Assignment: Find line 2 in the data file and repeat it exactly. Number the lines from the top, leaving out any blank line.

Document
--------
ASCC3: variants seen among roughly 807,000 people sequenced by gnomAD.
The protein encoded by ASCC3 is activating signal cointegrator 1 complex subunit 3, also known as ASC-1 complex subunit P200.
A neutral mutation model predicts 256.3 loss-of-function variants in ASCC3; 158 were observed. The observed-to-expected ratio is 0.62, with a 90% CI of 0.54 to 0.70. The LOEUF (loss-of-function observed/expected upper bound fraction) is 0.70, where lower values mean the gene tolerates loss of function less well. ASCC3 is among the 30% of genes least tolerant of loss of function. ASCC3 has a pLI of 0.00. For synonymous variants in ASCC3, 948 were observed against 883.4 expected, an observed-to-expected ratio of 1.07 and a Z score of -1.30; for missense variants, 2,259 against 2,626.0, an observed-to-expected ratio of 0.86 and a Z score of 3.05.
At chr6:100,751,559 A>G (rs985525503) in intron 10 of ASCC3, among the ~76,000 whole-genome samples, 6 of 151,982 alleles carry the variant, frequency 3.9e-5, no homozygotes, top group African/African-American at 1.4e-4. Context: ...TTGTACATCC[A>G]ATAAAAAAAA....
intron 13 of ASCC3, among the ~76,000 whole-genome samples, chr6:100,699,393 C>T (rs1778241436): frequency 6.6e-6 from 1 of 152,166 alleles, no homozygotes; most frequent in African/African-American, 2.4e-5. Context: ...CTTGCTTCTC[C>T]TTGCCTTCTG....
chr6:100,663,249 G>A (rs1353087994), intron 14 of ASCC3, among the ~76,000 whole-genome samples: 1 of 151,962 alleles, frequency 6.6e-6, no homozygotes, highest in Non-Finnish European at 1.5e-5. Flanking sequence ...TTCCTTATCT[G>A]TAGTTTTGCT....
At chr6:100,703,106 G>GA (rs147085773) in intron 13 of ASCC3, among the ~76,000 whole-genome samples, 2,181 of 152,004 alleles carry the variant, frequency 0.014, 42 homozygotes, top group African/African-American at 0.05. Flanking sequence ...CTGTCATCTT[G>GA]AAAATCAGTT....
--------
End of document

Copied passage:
The protein encoded by ASCC3 is activating signal cointegrator 1 complex subunit 3, also known as ASC-1 complex subunit P200.